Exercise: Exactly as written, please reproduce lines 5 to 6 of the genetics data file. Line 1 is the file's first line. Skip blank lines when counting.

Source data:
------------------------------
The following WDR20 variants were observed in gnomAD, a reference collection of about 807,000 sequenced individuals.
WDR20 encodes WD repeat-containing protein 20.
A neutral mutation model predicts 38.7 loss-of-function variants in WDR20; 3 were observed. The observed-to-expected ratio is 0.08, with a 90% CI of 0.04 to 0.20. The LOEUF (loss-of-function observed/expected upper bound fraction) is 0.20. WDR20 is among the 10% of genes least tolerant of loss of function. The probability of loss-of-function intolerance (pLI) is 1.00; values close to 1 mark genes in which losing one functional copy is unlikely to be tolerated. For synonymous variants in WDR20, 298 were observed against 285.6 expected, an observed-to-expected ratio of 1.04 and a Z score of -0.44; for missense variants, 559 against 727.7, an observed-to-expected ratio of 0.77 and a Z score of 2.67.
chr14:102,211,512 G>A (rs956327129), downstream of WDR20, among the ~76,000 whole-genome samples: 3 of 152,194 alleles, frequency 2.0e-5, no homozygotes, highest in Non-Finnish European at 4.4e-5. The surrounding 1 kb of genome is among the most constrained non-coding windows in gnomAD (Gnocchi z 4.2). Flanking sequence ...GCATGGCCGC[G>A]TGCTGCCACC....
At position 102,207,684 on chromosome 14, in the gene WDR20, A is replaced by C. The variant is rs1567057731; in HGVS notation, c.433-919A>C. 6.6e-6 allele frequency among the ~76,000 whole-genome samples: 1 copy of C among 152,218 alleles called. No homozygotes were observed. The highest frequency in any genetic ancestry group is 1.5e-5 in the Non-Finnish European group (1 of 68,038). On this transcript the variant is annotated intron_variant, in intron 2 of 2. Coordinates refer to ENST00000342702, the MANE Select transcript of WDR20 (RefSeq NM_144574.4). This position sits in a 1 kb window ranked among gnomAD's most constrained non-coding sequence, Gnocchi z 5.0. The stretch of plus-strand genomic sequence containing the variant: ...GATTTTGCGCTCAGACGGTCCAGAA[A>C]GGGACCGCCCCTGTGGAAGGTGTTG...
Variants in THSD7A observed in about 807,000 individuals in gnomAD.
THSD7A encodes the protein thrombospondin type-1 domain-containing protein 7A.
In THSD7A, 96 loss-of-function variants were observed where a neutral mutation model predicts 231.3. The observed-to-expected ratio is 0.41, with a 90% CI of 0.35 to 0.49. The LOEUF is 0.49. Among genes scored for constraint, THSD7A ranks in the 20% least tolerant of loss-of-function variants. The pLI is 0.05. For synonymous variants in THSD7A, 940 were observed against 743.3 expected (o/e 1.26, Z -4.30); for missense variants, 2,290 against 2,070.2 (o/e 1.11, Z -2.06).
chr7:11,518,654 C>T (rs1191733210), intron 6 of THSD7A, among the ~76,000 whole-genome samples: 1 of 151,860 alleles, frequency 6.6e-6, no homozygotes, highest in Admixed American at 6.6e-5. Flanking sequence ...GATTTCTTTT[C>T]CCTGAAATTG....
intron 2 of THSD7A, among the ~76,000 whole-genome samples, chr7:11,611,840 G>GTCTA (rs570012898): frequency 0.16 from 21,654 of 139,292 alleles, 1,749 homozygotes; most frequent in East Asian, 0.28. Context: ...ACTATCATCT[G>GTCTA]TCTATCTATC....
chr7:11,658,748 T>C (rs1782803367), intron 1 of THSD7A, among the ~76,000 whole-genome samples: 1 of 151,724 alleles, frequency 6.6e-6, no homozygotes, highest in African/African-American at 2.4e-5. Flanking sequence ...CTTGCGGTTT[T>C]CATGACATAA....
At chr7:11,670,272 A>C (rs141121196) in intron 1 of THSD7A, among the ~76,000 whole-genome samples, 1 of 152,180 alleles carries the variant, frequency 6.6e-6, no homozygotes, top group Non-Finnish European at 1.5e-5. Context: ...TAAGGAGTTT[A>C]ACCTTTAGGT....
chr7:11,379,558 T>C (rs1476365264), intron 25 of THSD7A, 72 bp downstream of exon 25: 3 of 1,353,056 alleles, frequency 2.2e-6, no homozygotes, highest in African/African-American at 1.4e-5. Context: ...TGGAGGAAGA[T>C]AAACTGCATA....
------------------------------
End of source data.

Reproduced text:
At position 102,207,684 on chromosome 14, in the gene WDR20, A is replaced by C. The variant is rs1567057731; in HGVS notation, c.433-919A>C. 6.6e-6 allele frequency among the ~76,000 whole-genome samples: 1 copy of C among 152,218 alleles called. No homozygotes were observed. The highest frequency in any genetic ancestry group is 1.5e-5 in the Non-Finnish European group (1 of 68,038). On this transcript the variant is annotated intron_variant, in intron 2 of 2. Coordinates refer to ENST00000342702, the MANE Select transcript of WDR20 (RefSeq NM_144574.4). This position sits in a 1 kb window ranked among gnomAD's most constrained non-coding sequence, Gnocchi z 5.0. The stretch of plus-strand genomic sequence containing the variant: ...GATTTTGCGCTCAGACGGTCCAGAA[A>C]GGGACCGCCCCTGTGGAAGGTGTTG...
Variants in THSD7A observed in about 807,000 individuals in gnomAD.